Dandelion Wine

Ah, finally time to blog about dandelion wine!  I’d like to categorize this under “Gourmet Weed Eating.”  This was only our second time making wine, and the first time making dandelion wine.  My husband sampled some dandelion wine from a coworker many years ago, and he liked it, so I thought this would be a fun one to try.

The recipe I used is from the book The Backyard Homestead by Carleen Madigan.  It’s an excellent book and has a lot of useful information about building your homestead in limited space.  She covers a range of topics from gardening, to keeping animals, to cheese and wine making.  Great stuff!  I purchased this book from Tractor Supply Co., but you could probably also find it on Amazon, Barnes & Noble, or even your local public library.

I would love to print the complete recipe here, but I am waiting to see if I can legally do that.  I will, however, explain the basic process so you have a good idea how we did it.  You can also watch the video if you’re more of a visual learner.

1.  You’ll want to start this process in the spring when dandelions are in full bloom.  I went to the large field behind our church to pick blossoms.  You’re going to need A LOT of blossoms, so pick an area that is pretty well loaded with them.  Also, pick an area that is NOT treated with pesticides, weed killers, or other chemicals.  If you would like to pick from someone’s yard, get permission first.  Although, I wonder if anyone in their right mind would be bothered by you taking dandelions from their lawn.  Anyway, pick a huge bowlful.

2.  Next, the green part of the blossom needs to be trimmed off.  Green parts will inhibit the fermentation process, so just take a pair of scissors and snip off the backs of the blossoms.  Then measure 3 quarts of blossom pieces to be used in the next step.

3.  Bring a gallon of water to a boil, remove from heat, and combine it with the blossom pieces.  I did this in a large 2-gallon glass jug.  Let this steep, like a giant mug of tea, for a couple days.  Bring it back to a boil in a large pot with the zest of two oranges and one lemon, then strain it, combining the liquid with about 3 pounds of sugar.  Let that cool (this could take a while because it’s a GIANT mug of tea!).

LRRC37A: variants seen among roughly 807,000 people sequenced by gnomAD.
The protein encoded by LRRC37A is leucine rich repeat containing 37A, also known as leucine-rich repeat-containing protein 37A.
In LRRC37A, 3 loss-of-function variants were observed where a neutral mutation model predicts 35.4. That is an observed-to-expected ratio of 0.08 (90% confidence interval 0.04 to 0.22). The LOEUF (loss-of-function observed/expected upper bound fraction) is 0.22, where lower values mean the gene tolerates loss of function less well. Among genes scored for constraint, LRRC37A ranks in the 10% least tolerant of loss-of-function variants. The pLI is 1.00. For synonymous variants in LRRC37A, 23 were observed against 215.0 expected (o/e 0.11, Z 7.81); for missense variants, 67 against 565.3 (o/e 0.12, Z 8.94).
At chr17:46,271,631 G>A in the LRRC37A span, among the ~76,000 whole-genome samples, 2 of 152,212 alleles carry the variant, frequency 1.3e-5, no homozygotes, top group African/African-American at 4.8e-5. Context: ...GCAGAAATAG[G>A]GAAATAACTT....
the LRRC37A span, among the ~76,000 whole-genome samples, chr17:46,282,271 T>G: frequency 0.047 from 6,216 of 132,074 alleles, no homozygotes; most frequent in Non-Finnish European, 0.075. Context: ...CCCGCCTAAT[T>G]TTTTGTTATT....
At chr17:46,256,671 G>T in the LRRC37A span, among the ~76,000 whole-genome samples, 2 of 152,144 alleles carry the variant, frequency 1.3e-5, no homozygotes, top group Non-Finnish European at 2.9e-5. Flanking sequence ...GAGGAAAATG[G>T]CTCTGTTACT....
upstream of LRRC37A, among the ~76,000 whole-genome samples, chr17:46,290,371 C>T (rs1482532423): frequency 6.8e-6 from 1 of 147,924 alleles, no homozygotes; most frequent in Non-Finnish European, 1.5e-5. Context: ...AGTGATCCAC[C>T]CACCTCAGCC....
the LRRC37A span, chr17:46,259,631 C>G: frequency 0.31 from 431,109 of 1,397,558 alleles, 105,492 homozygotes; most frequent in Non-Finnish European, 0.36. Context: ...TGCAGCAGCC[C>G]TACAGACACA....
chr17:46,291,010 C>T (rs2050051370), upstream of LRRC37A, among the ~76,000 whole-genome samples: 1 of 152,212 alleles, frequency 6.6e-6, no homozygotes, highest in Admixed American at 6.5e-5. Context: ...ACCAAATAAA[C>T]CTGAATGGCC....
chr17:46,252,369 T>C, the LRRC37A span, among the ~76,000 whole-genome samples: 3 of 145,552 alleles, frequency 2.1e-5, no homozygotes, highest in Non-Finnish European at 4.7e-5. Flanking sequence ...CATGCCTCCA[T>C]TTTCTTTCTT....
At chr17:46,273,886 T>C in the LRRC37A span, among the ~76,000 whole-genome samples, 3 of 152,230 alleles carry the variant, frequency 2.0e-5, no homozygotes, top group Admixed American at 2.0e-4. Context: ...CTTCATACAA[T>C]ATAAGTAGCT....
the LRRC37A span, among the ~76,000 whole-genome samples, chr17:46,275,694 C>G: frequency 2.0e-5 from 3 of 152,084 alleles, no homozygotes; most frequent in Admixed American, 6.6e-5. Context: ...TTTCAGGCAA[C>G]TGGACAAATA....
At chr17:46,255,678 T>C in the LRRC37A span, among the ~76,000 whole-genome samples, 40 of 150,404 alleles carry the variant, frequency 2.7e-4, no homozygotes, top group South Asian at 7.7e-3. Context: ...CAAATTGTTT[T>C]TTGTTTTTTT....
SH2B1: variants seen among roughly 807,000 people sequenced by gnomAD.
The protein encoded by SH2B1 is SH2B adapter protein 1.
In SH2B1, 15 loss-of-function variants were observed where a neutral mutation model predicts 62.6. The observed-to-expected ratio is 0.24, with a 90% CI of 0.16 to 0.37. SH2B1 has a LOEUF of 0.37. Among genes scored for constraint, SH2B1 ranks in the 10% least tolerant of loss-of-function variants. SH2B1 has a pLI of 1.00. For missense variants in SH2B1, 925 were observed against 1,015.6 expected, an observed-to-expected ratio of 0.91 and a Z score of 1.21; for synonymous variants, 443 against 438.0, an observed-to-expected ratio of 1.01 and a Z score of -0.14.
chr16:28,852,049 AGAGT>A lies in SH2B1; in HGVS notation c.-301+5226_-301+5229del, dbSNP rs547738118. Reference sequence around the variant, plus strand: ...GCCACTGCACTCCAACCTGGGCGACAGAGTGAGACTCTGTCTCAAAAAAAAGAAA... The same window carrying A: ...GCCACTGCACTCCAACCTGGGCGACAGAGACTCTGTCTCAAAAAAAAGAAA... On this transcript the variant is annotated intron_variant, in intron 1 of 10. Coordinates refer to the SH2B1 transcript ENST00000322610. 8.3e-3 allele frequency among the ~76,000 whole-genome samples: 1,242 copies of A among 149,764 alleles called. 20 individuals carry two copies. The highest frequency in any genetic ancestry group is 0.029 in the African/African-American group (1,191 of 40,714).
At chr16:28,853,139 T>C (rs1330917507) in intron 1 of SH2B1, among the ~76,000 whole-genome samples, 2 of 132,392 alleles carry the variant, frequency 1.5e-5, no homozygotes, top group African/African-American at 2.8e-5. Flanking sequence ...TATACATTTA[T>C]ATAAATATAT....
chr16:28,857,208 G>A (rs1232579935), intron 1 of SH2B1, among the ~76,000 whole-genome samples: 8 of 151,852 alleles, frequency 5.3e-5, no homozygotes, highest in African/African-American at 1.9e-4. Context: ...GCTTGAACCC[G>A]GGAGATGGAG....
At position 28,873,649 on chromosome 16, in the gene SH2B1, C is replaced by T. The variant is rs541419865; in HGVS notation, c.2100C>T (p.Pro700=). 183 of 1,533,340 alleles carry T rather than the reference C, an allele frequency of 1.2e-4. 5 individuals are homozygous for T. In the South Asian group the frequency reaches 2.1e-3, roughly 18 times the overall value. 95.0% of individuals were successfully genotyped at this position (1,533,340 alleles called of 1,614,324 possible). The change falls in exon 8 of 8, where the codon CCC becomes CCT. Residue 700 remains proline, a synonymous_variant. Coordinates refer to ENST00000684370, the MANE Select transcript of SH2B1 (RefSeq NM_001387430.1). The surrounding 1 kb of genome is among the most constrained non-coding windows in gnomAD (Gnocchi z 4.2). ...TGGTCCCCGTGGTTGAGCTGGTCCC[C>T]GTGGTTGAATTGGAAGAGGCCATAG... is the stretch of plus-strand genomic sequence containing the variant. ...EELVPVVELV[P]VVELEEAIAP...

4.  When the “tea” is cool, add yeast, the juice of your two oranges and one lemon, and raisins (I will add exact amounts as soon as I get permission from the book publisher).  Give it a stir and cover with a loose lid for the fermentation stage.  The mixture will begin to bubble and foam, and will continue for a few days to a couple of weeks.  Keep an eye on it so you know when the bubbling stops.  Once the fermentation is complete, strain the solids out with cheesecloth and pour the liquid into clean jars.  I used mason jars with loose lids for this (just in case it decided to bubble while I wasn’t looking).  I can’t remember how long I let the wine sit in the jars before I put it into pretty bottles, but you’ll want to wait for any sediment to settle to the bottom first (a couple weeks?).  Then CAREFULLY transfer the clear wine into your pretty bottles and let it sit in a cool, dark place to mellow out for 6 months.

It’s a long six months….

We happened to time it just right so we could sample our dandelion wine on Thanksgiving Day.  My mom got out some pretty little sherry glasses (crystal, of course!), and the adults all got a sample (me, my husband, my parents, and my grandparents).  I was very pleasantly surprised at how well this wine turned out!  I think everyone liked it.  I mean, my grandpa gave a funny look, but I’ll assume that’s only because it’s been a while since he’s had anything spiked.  I don’t know the ‘professional’ descriptive words for wine, but I would call this a dessert wine.  It is nice and sweet, and it has a slight fruity flavor to it.  I much prefer sweet, fruity wines over dry or red wines, so this dandelion wine is just right for me.

If you are looking for an easy wine recipe that does not require any expensive equipment or ingredients, try this one out.  You’ll need to plan ahead a little so you can get the blossoms in the spring, and like I mentioned earlier, the recipe is in the book (I will post the complete recipe here if/when I obtain permission from the publisher).  If you try this recipe, let me know how yours turns out.  If you have a different wine recipe that you call your favorite, I’d love to hear about it.  Leave me a comment below!

3 comments for “Dandelion Wine

  1. Carl Black
    December 17, 2014 at 10:35 pm

    It was great! I’m no expert but this was an amazing result with so little experience. That might be encouraging to those who want to give it a try.

  2. Jennifer Ray
    April 18, 2016 at 4:01 pm

    Very interested in complete recipe if you can email me.

  3. Diana Murphy
    May 12, 2016 at 7:02 am

    Thank you for sharing the recipe and video. I am going to give it a try. Thank you !

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